Upon awaking around 6:30 AM, I found Katie floating in the high tide. There was not much beach to work with, and fortunately I tied her off. The bugs seemed happy to see me – they certainly were scrambling around a lot. I decided with the promising good
weather (blue skies, calm NW wind) that I would leave around 8:30, so just ate
a Cliff bar and packed up. I was making good time, and decided to stop
for a rest around 9:30 at a nice beach just below Camp Tockwogh, a YMCA camp
where I spent some time with Robert (my son) in Indian Guides. I took off
the life vest and ate some gorp, drank some water, then got ready to shove off.
Waves were rocking Katie, so I set her up to get in, and paddled off,
excited about how this day was unfolding. I followed my new practice of
paddling around the coves, having little confidence to go directly across the
mouths, although the water was very quiet. I passed a beautiful area
called Worton Creek and found the area around Stavley Pond equally pretty.
I finally arrived tired but happy at Great Oak Marina on Fairlee Creek,
also a very pretty spot. I had paddled 12 and 1/2 miles, and I had a
whole afternoon yet to go. I decided to stop and see if there was any hot
food available. An old man told me that the restaurant was closed, but
the store was open. Great! I reached down to get my wallet out of
the vest, and – no vest. I frantically looked around hoping against hope
that the vest would be lying around Katie, but it was nowhere to be found.
Can I proceed without the vest – maybe get another one. But the
vest had my wallet, and my cell phone, two critical things I needed for this
trip. I had the vest on when I left in the morning, because I sent Grace
a message saying that I had a good night while sitting in the kayak as I was setting
off, so it must have been at the mid morning stop. I groaned when I
realized that was at least 6 to 7 miles back where I came from. After
giving it some thought about alternatives, I realized I did not have a choice.
I could not hire a boat – had no money or identification. It was an
incredibly stupid thing to have done, and I would have to pay the consequences.
The favorable prospects for this day were gone – I would instead spend
the time going back and hopefully finding it. There are so many beaches
that look alike. What a rookie mistake!
I arrived two hours later having aggressively crossed two large bays to reach
the point where I thought I had stopped. No vest in sight. I moved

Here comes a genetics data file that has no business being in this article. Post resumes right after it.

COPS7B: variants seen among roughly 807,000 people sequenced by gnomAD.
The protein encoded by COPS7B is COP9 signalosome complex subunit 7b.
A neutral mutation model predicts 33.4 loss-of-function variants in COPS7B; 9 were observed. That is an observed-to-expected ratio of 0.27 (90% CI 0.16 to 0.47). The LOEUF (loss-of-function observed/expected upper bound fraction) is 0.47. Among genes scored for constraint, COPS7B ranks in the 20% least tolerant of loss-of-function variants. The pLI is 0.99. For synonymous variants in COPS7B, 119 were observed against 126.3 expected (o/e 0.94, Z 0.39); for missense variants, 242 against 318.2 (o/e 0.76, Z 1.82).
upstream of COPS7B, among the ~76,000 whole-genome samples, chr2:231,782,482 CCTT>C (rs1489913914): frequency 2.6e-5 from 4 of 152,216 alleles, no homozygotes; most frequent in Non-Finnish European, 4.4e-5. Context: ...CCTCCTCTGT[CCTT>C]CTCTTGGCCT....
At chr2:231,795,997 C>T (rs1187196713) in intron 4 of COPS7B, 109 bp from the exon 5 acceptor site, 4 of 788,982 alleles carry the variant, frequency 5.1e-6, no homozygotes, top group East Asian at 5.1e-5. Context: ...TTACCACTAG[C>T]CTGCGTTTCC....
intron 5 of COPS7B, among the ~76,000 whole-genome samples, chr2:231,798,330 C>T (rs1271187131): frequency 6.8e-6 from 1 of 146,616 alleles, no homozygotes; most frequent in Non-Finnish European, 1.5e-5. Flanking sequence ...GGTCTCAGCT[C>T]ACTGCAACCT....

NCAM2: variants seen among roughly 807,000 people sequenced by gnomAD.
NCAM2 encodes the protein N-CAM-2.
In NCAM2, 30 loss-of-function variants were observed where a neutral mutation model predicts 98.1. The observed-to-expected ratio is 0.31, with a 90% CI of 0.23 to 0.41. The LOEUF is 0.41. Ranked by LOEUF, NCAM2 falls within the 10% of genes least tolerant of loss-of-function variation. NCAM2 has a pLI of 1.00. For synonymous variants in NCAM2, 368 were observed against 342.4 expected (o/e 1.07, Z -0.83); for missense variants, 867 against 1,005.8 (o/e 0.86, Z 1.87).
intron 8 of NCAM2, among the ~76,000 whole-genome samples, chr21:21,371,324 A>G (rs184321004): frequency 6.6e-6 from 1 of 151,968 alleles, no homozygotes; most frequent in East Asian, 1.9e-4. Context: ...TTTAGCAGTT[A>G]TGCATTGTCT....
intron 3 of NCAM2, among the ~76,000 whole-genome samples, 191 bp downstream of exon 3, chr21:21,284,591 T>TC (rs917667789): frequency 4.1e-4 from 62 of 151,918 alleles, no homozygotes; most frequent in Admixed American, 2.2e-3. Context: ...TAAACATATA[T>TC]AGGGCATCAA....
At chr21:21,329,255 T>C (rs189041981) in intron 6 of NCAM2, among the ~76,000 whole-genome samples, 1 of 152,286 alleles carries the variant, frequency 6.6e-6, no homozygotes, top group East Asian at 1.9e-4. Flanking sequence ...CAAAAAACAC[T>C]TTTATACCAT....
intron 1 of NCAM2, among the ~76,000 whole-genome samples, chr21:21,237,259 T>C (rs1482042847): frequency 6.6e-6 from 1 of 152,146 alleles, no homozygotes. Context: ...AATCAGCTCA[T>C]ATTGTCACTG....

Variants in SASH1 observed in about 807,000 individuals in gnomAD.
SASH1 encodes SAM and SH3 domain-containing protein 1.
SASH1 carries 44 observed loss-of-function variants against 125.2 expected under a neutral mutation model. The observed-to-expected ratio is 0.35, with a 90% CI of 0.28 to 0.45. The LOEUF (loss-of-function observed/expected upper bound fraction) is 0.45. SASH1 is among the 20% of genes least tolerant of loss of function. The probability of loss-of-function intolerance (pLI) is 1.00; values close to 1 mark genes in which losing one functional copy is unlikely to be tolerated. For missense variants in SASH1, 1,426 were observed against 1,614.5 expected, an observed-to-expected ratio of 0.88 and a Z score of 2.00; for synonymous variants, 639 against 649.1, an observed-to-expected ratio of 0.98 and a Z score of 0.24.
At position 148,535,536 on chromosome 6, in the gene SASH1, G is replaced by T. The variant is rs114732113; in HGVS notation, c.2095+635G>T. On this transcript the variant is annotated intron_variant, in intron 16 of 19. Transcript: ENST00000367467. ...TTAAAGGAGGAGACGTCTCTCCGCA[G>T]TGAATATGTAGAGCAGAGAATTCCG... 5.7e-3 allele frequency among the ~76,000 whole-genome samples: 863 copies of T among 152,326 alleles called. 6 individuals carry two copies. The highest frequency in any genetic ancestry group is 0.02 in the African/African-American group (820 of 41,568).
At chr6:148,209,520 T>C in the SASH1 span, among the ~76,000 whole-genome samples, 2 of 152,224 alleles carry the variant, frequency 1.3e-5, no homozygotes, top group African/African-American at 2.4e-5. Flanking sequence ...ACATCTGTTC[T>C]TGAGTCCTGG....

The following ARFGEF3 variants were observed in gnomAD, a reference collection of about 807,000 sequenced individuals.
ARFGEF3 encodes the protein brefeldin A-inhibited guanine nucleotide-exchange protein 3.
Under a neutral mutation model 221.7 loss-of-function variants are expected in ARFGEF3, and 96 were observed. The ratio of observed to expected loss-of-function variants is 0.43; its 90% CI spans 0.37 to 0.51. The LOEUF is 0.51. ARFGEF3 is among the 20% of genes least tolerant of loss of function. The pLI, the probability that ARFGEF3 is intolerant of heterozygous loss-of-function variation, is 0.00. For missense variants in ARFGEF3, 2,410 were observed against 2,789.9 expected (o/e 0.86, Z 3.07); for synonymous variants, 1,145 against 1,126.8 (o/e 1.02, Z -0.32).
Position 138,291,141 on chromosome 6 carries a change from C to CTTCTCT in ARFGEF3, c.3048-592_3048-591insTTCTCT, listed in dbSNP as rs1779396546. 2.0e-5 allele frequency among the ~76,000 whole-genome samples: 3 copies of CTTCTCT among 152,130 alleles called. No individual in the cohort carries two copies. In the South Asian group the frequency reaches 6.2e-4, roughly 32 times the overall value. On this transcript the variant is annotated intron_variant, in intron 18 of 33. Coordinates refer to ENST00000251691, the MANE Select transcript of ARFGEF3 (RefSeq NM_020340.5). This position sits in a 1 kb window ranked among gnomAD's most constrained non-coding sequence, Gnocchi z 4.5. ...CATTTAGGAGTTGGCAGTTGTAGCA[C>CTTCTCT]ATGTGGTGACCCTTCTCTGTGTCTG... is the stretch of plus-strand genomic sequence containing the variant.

north, but that did not result in anything. Then I reversed course and
proceeded east, and there, 100 yards from where I had first looked, the vest
was lying on the large deadfall right were I had left it almost 5 hours
earlier. Waves of relief flowed over me. I ran up to it and gave it
a real hug, so happy to be reunited with it. I looked up to the heavens,
and gave thanks to my guardian angles, and anyone else that was listening!
I returned to the kayak and proceeded towards the two bays and other
intervening shorelines, not sure how long my back would hold out. As I
paddled through the quiet water as the afternoon grew older, my thoughts
continued to dwell on these powerful lessons I was being taught.
Hopefully, these kinds of mistakes will not be repeated. It is a
classic case of haste makes waste. This is one mistake I do not want to
repeat over the rest of this trip. My back was beginning to really
complain, but I wanted to make up for the distance lost, so every hour I
stopped and sat in the water, cooling off. That seemed to help. As
I got closer to the marina, I became more and more determined to get there, and
I did at 6:15 PM. I was one very exhausted kayaker. The folks at
the marina told me to camp on some land across the Fairlee, and I did so
quickly. Camp was set up in a short time, when a fisherman came over to
chat. Pete was fishing and we shared our stories. He suggested that
I build a bonfire, which was what everyone else did on the beach there, and I
went to get some small wood that I could find. The big pieces had
already been consumed in many such fires the previous holiday weekend.
When I came back from getting my head light, as it was now getting dark,
Pete was gone, but he had left a nice stack of wood for my fire. As I lay
back, basking in the glow of the fire, and watching the sky burn bright in day
glow orange and red, I again thought about how much effort had been spent on a
very valuable lesson. I decided to rate the day a 2. It took
me 28 miles to go 14 miles, and close to the 13 miles I had done the day before.
These net daily distances covered are well below my expectations –
something else to worry about.
What an encouraging blog. What drama we can experience in just one day. My goodness, just when you thought you had it made for the day, here comes the monkey wrench. Thank God that your prayers were answered and you located your vest, wallet and phone. Look at the stamina you demonstrated and the test that was placed upon your body, mind and boat. Yet, in the end, all turned out well, you learned lessons about yourself and your boat and precautions to take (make a list and check it twice – mentally, at least) when sailing solo. And, who knows, you may have even spoken with God through an angel who left you a stack of firewood. As you continue your journey, look back on these times to reassure yourself of God’s provision in your life. God bless you as you paddle-on. P.S. Don’t worry about time schedules. Remember, you’re retired. You’re on God’s time schedule. Just press-on and enjoy your trip.